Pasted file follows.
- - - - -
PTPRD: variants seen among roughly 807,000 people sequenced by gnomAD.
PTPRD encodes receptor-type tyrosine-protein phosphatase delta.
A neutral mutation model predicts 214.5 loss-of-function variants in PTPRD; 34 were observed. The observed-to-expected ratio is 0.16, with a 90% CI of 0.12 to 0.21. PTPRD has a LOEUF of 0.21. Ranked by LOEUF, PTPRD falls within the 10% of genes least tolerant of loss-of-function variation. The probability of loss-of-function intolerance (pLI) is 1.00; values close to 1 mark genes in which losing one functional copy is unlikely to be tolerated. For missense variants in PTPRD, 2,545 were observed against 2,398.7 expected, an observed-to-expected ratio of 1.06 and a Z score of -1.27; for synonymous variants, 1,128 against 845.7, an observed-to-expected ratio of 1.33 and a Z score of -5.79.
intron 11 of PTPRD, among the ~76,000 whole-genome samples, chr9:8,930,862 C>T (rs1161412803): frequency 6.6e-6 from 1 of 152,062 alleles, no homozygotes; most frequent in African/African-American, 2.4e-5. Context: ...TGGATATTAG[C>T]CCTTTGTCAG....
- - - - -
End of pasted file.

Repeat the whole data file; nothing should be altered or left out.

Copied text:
PTPRD: variants seen among roughly 807,000 people sequenced by gnomAD.
PTPRD encodes receptor-type tyrosine-protein phosphatase delta.
A neutral mutation model predicts 214.5 loss-of-function variants in PTPRD; 34 were observed. The observed-to-expected ratio is 0.16, with a 90% CI of 0.12 to 0.21. PTPRD has a LOEUF of 0.21. Ranked by LOEUF, PTPRD falls within the 10% of genes least tolerant of loss-of-function variation. The probability of loss-of-function intolerance (pLI) is 1.00; values close to 1 mark genes in which losing one functional copy is unlikely to be tolerated. For missense variants in PTPRD, 2,545 were observed against 2,398.7 expected, an observed-to-expected ratio of 1.06 and a Z score of -1.27; for synonymous variants, 1,128 against 845.7, an observed-to-expected ratio of 1.33 and a Z score of -5.79.
intron 11 of PTPRD, among the ~76,000 whole-genome samples, chr9:8,930,862 C>T (rs1161412803): frequency 6.6e-6 from 1 of 152,062 alleles, no homozygotes; most frequent in African/African-American, 2.4e-5. Context: ...TGGATATTAG[C>T]CCTTTGTCAG....